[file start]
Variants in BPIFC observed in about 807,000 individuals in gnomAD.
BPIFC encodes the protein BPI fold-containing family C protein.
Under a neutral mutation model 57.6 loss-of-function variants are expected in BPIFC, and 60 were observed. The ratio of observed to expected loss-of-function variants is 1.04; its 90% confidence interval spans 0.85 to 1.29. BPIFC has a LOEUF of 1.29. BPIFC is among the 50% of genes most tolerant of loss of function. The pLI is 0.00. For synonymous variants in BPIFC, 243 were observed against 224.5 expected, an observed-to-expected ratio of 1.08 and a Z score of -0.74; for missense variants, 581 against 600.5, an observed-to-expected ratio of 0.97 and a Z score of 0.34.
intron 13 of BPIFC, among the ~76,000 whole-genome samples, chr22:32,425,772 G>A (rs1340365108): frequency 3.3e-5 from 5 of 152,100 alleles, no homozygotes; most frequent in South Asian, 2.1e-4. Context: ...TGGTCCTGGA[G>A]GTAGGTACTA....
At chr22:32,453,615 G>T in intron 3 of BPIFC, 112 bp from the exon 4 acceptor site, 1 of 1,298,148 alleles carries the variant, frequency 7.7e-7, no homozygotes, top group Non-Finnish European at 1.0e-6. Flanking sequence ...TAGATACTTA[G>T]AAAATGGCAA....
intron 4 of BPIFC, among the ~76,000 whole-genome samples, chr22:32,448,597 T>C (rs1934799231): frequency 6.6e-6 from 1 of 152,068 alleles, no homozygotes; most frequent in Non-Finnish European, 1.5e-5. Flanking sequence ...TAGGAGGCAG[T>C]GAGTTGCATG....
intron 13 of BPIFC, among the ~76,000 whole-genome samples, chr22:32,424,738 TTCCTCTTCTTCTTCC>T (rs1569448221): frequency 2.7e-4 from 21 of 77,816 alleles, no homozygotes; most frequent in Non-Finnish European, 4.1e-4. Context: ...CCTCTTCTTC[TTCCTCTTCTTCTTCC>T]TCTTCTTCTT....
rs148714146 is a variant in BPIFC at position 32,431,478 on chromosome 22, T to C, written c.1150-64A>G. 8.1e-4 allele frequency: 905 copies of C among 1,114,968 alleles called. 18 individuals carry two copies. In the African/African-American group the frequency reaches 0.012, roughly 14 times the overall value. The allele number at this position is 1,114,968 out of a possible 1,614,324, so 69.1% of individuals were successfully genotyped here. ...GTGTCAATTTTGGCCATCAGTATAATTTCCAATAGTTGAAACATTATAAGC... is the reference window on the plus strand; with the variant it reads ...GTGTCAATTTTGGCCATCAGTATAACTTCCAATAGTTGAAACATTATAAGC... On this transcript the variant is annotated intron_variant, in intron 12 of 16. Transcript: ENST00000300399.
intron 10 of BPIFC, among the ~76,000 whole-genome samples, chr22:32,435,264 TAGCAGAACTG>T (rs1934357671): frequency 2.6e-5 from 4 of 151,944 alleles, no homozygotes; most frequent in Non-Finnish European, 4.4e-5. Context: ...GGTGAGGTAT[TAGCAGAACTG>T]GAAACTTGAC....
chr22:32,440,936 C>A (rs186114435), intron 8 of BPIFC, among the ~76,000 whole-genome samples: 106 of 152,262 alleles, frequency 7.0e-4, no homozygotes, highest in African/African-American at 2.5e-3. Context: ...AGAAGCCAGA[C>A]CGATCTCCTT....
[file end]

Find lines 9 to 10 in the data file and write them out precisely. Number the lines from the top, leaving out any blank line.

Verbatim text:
intron 10 of BPIFC, among the ~76,000 whole-genome samples, chr22:32,435,264 TAGCAGAACTG>T (rs1934357671): frequency 2.6e-5 from 4 of 151,944 alleles, no homozygotes; most frequent in Non-Finnish European, 4.4e-5. Context: ...GGTGAGGTAT[TAGCAGAACTG>T]GAAACTTGAC....
chr22:32,440,936 C>A (rs186114435), intron 8 of BPIFC, among the ~76,000 whole-genome samples: 106 of 152,262 alleles, frequency 7.0e-4, no homozygotes, highest in African/African-American at 2.5e-3. Context: ...AGAAGCCAGA[C>A]CGATCTCCTT....